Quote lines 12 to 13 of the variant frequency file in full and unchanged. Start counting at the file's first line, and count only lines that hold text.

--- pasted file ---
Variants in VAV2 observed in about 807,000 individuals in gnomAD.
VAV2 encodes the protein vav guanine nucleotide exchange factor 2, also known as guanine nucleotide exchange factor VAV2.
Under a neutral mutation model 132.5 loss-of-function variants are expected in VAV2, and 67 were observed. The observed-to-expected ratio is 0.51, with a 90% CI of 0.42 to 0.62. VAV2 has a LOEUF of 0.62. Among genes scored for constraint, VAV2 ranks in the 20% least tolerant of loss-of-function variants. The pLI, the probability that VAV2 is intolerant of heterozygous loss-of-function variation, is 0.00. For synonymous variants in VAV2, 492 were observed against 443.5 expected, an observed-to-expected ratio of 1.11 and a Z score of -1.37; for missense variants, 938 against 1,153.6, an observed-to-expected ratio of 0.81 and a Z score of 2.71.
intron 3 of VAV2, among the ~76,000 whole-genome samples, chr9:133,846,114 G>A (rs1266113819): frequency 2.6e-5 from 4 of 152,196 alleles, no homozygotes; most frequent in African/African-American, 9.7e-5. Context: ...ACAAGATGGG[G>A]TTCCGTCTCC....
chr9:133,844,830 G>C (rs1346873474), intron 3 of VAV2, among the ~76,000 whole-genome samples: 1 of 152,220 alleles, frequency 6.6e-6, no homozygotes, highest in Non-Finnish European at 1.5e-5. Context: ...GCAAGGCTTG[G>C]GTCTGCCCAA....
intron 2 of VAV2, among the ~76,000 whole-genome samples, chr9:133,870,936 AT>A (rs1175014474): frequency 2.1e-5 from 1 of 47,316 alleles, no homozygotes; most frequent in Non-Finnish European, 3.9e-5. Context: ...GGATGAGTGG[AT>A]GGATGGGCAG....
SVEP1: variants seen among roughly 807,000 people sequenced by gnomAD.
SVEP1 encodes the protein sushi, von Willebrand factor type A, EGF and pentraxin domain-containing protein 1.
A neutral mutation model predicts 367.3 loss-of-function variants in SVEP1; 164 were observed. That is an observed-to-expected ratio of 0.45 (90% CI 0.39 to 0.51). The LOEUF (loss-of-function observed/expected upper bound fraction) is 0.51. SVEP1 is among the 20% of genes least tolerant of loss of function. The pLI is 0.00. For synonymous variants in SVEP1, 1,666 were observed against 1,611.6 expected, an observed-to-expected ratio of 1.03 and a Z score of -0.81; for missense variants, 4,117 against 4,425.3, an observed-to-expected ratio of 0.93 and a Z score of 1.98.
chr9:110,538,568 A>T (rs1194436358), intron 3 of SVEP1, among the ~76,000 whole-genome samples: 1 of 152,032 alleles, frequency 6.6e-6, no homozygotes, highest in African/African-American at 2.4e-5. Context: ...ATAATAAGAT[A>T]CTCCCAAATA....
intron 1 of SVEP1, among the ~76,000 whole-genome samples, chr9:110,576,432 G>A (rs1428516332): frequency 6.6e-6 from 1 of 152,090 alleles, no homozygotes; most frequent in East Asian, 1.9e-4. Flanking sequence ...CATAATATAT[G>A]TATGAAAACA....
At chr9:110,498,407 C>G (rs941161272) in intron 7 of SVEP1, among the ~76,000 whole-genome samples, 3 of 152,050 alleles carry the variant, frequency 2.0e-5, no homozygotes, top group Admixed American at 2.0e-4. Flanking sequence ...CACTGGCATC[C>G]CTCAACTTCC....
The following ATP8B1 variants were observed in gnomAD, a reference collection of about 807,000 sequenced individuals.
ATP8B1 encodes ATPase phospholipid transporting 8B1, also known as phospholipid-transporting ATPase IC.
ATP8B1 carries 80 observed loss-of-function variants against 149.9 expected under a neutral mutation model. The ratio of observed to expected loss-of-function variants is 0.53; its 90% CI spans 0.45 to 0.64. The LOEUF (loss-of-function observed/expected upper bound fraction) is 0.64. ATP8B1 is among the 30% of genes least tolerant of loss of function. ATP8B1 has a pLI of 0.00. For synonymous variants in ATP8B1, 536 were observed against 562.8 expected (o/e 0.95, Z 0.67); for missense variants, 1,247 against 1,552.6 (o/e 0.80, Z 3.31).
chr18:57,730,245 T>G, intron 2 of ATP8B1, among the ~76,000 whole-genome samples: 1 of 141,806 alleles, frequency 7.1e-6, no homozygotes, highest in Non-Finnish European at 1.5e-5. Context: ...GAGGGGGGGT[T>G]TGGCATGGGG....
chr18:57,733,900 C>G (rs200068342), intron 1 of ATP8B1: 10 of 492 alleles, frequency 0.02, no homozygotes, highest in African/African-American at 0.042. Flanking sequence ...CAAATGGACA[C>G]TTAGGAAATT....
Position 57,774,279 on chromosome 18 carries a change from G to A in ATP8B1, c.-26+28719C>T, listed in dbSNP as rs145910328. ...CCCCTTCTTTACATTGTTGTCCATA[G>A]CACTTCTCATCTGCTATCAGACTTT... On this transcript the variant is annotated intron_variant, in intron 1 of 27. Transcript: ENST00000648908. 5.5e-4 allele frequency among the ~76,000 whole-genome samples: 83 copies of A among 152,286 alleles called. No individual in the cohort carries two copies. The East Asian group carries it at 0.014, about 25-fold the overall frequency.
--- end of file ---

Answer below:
At chr9:110,498,407 C>G (rs941161272) in intron 7 of SVEP1, among the ~76,000 whole-genome samples, 3 of 152,050 alleles carry the variant, frequency 2.0e-5, no homozygotes, top group Admixed American at 2.0e-4. Flanking sequence ...CACTGGCATC[C>G]CTCAACTTCC....
The following ATP8B1 variants were observed in gnomAD, a reference collection of about 807,000 sequenced individuals.